Twin Peaks

Season 1 Episode 4

Episode Three "Rest In Pain"

Aired Thursday 9:00 PM Apr 26, 1990 on ABC

Episode Fan Reviews (4)

Write A Review
out of 10
184 votes
  • Any time a man dies in war, he dies too soon.

    This is probably the weakest episode in season one, but that's somewhat irrelevant. It's like taking a cup full of water out of the ocean. It just doesn't matter. Twin Peaks as a whole, and especially this first season, can take any level of criticism and toss it out as meaningless.
  • Rest in Pain

    Another weird episode and it was hurt by the rush of the cops telling Cooper about the "evil" in town. These slow and subtle yet huge developments are what this show is going to be about I'm discovering as we go along, but i don't think this pace is ideal.
  • The Da Lynchi Code

    Like the previous episodes, the quick pace and atmospheric locations never let up, with Twin Peaks being as impressive as always. In the episode, Cooper believes a code from his dreams can help discover Laura's killer whilst Laura's funeral brings out the true feelings of some of the locals.

    One scene I found particularly interesting in this episode was Laura's funeral. In the scene, Bobby puts the blame of Laura's murder on all the residents of Twin Peaks, since they all knew she had problems and nobody even tried to help her. It's a powerful moment, as Dana Ashbrook does so well with the material (and is quickly becoming one of Twin Peaks' most interesting characters) and the excellent camerawork showing each leading character, looking mainly regretful or guilty over their part in the murder.

    This episode marks the introduction of Madeleine Ferguson, Laura's cousin, who is also played by Sheryl Lee. Inspired by the Hitchcock movie Vertigo, the idea of two identical cousins, one blonde, one brunette, adds an illusion of film noir to the series and continues to the mind games David Lynch and Mark Frost have already created for the audience.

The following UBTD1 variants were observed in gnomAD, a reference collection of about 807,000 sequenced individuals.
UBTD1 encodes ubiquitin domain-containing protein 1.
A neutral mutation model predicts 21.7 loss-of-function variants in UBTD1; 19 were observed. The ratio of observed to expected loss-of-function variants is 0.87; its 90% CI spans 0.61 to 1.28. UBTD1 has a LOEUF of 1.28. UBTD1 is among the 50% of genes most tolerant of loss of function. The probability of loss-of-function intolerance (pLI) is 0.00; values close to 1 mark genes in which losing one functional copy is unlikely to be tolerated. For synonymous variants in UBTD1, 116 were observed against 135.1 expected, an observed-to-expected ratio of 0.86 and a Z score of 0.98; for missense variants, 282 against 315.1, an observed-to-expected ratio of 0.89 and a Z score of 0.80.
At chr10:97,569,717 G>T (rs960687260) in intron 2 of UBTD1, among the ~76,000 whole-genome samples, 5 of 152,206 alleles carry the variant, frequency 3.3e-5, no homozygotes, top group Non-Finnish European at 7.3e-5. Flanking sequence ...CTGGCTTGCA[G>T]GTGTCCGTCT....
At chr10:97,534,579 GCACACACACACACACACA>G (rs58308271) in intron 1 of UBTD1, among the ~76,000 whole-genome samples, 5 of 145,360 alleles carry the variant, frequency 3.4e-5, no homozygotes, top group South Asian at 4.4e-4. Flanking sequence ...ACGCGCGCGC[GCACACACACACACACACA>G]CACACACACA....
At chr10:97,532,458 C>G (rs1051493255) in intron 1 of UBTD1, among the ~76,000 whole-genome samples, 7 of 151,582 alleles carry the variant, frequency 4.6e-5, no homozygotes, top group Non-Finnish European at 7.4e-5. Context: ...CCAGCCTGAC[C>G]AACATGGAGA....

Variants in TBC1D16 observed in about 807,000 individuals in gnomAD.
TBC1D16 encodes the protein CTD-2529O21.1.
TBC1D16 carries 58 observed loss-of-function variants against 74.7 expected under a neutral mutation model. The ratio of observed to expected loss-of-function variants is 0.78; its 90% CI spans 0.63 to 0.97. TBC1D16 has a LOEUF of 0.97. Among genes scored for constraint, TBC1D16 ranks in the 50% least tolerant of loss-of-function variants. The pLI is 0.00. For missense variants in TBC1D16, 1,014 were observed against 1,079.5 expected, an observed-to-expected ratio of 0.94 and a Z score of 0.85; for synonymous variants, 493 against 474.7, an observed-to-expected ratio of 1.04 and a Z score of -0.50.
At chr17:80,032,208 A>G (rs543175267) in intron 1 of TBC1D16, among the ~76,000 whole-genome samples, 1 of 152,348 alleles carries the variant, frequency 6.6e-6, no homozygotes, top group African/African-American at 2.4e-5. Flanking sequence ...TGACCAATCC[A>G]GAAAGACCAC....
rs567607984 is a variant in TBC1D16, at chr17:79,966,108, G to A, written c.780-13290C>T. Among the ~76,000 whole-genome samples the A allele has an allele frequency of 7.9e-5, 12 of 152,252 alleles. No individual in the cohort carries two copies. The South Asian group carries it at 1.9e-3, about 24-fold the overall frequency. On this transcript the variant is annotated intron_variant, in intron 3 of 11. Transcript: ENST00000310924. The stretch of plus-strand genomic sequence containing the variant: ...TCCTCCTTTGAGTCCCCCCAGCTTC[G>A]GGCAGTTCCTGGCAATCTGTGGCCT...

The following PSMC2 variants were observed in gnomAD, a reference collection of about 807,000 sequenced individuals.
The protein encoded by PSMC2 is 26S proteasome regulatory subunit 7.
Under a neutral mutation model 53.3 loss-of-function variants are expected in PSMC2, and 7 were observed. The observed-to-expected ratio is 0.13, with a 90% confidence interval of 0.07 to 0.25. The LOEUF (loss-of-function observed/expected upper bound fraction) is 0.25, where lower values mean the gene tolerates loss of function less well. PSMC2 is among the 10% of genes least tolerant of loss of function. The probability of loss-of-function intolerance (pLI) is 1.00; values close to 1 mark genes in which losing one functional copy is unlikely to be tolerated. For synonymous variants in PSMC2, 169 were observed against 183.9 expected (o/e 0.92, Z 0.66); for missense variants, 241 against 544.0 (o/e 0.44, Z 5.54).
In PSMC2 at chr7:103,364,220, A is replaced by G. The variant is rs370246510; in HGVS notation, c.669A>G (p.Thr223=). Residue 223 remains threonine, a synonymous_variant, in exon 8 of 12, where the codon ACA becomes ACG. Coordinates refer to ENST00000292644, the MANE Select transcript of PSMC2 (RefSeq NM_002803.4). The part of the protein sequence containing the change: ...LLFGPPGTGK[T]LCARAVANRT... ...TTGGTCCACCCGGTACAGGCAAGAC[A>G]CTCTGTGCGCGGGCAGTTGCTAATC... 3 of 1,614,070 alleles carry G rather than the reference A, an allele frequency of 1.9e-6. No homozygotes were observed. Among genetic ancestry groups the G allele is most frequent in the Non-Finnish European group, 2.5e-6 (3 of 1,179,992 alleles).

I was also impressed by Harley Peyton's writing; in particular of the dialogue he gave to Cooper. His almost robotic speech patterns are hilarious and the way he has become almost obsessed with tiny little details about the town and his anger whenever somebody says anything bad about his new residence made for some of the best scenes this episode.

    Of the supporting cast, I'm slightly concerned of what part Norma has to play in the series. I'm a big fan of Peggy Lipton and I hope she's soon given a storyline a little more connected to the Laura Palmer murder, as her own personal dilemmas are becoming slightly tedious. On the other hand, the Mill storyline is becoming increasingly entertaining, mostly due to the scene-stealing Piper Laurie, who's amazing when it comes to psychopaths.

    Director: Tina Rathbourne
    Writer: Harley Peyton
    Rating: A-
  • Touch Of Evil

    Coming on the heels of a Lynch-directed episode, this episode has a tough act to follow. It is a more subdued affair, containing a lot of sitting and chatting between various characters. As compared to other episodes in the series, it is comfortably average and it contains little in the way of surreality or dream logic.

    The episode opens by deftly stepping away from the cliffhanger bombshell dropped by Cooper at the end of the previous episode. As Truman and Lucy wait anxiously for Cooper to reveal the identity of Laura's killer, Cooper describes the entirety of his dream with a clipped precision before ultimately admitting that he has forgotten the name whispered in his ear by Laura. But no matter, he beams, "Break the code, solve the crime!"

    Overall, the events of this episode all seem to serve the end of revealing an underbelly of evil in the fair town of Twin Peaks. We learn that Laura had a drug habit, that many in the town are either indifferent or wracked with guilt over her death and that there is some hidden dark evil out in the woods. The introduction of Maddy's doppelganger-like character adds a noirish element into the mix, which further darkens the emotional atmosphere.